It’s pretty hard to spot a target dog just by looking at them. Generally, they are very good dogs! They listen well and want to be right. They often have something sweet or special about them that people are drawn to. Unfortunately, they tend to be consistently bullied by other dogs.
What’s a target dog?
A target dog is a dog that is routinely picked on or bullied by other dogs. No matter what they do, it seems target dogs are unable to avoid conflict with other dogs.
Other dogs will pester them, lick them obsessively, or mount them. Target dogs may try to defend themselves, but most of the time their corrections or barks are ineffective.
Does this sound like your dog? Here are 5 ways to tell if your dog is a target dog:
1. Timid as a Puppy
As puppies, target dogs will already show some timid behavior around other dogs. They may exhibit fear or avoid other dogs.
2. Frequently Hiding
Target dogs will hide between their owner’s legs or under something, like a chair or bench. Target dogs will seek ways to protect their rear ends from other dogs.
3. Avoiding Being Sniffed
Target dogs may startle or jump with other dogs sniff them. They know that sniffing may lead to mounting or other unwanted behaviors.
In addition, other dogs will obsessively sniff target dogs, often lingering longer than the standard, polite 3-second rule that most dogs adhere to.
4. Drawing a Crowd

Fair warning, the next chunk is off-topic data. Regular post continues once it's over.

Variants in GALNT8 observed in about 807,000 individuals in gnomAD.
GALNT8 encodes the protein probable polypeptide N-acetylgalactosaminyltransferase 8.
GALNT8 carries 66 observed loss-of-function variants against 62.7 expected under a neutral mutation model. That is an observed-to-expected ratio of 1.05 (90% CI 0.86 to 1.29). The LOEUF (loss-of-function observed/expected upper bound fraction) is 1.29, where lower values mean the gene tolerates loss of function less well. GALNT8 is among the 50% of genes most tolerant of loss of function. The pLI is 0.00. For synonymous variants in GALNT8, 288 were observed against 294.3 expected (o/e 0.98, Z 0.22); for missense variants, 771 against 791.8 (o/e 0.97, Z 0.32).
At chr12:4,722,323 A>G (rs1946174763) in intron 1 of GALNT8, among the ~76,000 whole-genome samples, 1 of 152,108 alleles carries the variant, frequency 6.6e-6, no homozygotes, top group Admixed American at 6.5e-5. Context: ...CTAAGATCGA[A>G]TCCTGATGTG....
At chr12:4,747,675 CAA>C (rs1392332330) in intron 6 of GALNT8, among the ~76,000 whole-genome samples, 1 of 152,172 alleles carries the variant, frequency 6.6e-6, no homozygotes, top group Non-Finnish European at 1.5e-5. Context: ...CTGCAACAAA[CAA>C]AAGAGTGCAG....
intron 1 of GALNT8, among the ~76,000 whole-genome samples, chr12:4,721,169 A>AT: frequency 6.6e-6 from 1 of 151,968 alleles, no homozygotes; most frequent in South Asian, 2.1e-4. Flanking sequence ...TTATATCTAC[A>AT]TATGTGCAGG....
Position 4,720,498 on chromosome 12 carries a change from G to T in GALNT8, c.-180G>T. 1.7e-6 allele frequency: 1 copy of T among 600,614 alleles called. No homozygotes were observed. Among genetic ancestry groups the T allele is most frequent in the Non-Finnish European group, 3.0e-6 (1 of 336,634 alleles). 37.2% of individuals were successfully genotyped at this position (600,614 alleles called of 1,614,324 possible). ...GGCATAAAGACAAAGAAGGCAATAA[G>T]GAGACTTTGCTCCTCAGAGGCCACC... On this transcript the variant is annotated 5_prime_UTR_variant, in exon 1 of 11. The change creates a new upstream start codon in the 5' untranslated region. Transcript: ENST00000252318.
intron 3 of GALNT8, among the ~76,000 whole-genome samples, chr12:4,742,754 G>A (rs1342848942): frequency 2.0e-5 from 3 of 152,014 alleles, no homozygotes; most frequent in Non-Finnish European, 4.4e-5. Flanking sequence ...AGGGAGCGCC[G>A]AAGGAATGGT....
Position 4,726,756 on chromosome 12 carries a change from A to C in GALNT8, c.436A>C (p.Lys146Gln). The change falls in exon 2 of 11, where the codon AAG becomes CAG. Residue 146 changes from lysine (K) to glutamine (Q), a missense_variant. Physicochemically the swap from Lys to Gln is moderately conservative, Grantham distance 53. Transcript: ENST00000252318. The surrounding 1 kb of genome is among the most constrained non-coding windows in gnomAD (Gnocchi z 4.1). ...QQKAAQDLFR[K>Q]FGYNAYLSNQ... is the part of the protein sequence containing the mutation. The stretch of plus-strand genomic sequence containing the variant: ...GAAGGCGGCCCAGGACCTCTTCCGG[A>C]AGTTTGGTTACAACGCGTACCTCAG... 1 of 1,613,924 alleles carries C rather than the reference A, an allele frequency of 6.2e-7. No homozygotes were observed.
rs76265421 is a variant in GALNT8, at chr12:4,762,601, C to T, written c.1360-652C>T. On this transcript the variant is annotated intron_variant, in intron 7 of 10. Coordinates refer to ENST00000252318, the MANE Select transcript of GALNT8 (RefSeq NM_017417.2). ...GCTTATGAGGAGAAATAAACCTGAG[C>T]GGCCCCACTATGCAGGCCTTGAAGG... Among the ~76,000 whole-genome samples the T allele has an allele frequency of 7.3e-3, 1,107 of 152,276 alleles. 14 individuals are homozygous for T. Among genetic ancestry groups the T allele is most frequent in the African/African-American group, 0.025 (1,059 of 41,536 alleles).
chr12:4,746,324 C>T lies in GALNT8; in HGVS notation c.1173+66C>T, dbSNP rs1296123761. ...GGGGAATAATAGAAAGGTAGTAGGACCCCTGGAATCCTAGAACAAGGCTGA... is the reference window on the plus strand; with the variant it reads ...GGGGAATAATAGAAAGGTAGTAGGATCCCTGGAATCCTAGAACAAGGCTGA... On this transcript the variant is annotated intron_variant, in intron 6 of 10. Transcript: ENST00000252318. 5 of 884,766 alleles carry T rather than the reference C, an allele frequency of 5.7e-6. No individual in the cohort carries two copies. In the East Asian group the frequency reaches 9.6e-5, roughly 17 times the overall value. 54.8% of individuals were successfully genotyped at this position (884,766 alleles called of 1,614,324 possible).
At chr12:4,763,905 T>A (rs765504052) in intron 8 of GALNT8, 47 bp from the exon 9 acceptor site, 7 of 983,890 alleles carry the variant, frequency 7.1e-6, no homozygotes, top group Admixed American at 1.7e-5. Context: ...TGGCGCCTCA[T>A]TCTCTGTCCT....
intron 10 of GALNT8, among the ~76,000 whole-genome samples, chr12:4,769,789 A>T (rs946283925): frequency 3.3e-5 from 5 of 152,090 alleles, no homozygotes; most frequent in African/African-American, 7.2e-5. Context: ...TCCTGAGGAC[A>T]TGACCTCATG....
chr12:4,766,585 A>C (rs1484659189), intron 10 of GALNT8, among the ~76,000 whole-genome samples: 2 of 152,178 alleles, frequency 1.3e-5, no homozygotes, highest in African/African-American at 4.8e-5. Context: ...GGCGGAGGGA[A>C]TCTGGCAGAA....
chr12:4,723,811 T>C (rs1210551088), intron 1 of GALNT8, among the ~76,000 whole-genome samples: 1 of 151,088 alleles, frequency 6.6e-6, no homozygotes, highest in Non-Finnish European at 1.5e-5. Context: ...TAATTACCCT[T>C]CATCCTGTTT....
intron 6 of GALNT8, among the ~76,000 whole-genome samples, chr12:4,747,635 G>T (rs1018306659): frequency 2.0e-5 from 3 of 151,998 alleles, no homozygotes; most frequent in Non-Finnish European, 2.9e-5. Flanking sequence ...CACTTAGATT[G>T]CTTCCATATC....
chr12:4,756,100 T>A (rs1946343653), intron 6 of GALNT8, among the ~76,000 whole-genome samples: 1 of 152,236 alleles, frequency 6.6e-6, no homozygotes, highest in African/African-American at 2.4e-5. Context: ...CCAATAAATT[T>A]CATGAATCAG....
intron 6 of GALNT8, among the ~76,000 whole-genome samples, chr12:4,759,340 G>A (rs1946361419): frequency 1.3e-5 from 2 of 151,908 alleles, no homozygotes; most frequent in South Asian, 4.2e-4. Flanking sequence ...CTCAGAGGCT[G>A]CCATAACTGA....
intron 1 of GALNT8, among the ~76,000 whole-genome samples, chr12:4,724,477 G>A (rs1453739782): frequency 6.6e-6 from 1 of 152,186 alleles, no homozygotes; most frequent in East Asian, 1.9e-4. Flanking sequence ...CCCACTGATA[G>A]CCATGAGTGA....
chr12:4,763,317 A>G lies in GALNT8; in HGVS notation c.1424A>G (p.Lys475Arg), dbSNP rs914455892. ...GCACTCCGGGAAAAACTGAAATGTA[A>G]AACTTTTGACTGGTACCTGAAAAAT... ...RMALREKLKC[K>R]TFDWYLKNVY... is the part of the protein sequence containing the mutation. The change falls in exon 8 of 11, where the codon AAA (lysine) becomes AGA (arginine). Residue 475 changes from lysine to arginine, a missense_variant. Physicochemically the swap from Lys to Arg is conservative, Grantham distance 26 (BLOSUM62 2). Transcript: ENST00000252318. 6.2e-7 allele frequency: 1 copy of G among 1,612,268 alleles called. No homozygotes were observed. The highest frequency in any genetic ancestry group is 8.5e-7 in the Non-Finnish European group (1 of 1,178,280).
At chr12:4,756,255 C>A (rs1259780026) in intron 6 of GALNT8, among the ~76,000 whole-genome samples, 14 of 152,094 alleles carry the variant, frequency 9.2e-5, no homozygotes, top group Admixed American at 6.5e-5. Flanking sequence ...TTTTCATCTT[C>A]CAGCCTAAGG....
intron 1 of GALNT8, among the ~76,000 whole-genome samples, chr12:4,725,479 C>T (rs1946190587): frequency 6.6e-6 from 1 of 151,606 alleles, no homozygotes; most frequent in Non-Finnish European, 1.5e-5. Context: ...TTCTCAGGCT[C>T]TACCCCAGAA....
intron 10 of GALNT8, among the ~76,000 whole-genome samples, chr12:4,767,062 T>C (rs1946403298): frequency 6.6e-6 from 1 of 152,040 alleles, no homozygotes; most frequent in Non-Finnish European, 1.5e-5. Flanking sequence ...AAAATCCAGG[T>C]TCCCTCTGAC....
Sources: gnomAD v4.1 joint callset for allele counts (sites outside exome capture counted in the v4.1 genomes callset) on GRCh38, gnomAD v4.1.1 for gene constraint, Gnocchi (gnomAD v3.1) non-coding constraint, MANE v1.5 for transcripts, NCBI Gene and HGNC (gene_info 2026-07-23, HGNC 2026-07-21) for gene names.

Target dogs often have groups of dogs following them at dog parks. This is understandably overwhelming for them.
5. Screaming or Squealing
Target dogs may scream out of fear when around groups of dogs. Additionally, they may overreact when other dogs initiate contact. This is actually a defense mechanism, or a stop signal, to communicate “back off, I’m terrified!”
Why are target dogs bullied by other dogs?
It is unclear if genetics, pheromones, or other biological factors play a role in the development of a target dog.
Target dogs can be male, female, spayed, neutered, or intact. What they have in common is the inability to solve conflict with other dogs. They may growl or snap at their assailant, but it usually doesn’t stop the other dog.
How can I stop my dog from being bullied by other dogs?
Target dogs needs their confidence boosted. All of their dog-to-dog interactions need to be highly supervised and managed. Target dogs need to know their humans will intervene and protect them!
Daycare and especially dog parks are not always appropriate. We recommend to stay away from dog parks altogether. Smaller neighborhood play groups will be safer.